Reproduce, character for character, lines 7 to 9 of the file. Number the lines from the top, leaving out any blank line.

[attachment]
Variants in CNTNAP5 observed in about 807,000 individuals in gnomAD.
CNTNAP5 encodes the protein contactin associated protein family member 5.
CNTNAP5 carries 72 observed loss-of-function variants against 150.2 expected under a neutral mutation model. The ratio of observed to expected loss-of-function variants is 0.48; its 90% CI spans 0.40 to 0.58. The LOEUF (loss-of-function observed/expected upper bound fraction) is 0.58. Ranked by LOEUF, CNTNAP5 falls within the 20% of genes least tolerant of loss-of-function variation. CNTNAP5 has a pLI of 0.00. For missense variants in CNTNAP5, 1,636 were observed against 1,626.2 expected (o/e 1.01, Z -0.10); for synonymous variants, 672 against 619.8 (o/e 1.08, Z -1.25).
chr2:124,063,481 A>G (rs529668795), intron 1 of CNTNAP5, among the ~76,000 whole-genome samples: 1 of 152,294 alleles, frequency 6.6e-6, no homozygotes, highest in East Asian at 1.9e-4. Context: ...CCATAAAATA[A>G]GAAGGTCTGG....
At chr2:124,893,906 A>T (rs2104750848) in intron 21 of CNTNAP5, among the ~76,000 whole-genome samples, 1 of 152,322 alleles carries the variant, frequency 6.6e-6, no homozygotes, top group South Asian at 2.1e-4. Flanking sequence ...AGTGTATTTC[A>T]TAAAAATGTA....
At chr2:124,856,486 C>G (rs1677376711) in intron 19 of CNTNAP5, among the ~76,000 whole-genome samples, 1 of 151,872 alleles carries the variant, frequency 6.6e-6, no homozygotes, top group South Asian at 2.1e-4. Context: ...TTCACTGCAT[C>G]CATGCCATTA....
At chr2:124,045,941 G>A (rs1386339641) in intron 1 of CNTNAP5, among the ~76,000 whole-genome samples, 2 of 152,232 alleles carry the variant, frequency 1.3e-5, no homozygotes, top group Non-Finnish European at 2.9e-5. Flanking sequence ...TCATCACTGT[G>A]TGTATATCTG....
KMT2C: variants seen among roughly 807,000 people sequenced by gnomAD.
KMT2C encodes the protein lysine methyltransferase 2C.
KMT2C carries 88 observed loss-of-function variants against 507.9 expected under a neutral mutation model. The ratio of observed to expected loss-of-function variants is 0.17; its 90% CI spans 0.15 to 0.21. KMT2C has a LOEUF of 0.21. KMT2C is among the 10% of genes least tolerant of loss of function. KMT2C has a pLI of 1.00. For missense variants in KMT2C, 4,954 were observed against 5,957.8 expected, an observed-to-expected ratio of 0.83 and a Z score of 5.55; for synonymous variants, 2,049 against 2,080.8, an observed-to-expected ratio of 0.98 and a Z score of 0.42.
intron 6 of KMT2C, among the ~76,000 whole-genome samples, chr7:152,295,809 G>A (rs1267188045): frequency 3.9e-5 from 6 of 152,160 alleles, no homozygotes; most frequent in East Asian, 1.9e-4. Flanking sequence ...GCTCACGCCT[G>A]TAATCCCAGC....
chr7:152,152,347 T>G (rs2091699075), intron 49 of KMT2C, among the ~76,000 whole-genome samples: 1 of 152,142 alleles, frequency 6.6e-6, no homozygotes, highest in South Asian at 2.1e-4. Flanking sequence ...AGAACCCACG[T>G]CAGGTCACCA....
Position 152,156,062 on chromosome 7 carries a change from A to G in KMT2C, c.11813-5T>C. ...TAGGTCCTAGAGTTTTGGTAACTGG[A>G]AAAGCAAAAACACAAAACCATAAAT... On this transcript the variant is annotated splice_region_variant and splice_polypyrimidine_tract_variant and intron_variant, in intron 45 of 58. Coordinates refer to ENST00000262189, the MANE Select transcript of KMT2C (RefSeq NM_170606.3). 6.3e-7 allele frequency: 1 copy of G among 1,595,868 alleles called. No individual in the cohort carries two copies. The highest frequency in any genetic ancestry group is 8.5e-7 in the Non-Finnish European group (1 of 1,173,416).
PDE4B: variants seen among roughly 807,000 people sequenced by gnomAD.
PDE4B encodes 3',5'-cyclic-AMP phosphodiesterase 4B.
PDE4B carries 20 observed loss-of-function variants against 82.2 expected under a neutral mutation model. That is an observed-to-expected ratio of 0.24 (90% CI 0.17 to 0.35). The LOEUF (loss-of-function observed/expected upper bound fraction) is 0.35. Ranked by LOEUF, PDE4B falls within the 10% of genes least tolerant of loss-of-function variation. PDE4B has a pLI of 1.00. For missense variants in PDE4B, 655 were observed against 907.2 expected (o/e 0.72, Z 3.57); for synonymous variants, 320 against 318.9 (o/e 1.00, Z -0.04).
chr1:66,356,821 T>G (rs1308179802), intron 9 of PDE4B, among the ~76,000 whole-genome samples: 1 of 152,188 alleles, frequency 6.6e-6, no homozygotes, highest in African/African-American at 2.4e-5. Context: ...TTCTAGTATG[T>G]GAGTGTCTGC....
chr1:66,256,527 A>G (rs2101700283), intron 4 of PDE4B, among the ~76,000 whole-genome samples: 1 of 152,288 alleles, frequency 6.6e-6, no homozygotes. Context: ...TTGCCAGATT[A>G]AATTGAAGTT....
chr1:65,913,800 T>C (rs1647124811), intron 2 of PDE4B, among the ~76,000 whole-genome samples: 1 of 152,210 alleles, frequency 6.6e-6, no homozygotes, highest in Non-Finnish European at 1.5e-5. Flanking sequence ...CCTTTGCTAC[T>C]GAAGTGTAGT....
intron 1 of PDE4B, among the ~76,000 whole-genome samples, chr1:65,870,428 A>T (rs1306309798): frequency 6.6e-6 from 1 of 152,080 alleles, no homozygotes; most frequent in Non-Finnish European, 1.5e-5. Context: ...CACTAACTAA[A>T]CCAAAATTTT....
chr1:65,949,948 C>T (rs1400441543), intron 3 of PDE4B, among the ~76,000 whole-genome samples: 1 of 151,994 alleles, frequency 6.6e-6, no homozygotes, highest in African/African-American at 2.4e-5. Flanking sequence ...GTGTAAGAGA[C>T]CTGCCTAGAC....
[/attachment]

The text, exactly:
At chr2:124,045,941 G>A (rs1386339641) in intron 1 of CNTNAP5, among the ~76,000 whole-genome samples, 2 of 152,232 alleles carry the variant, frequency 1.3e-5, no homozygotes, top group Non-Finnish European at 2.9e-5. Flanking sequence ...TCATCACTGT[G>A]TGTATATCTG....
KMT2C: variants seen among roughly 807,000 people sequenced by gnomAD.
KMT2C encodes the protein lysine methyltransferase 2C.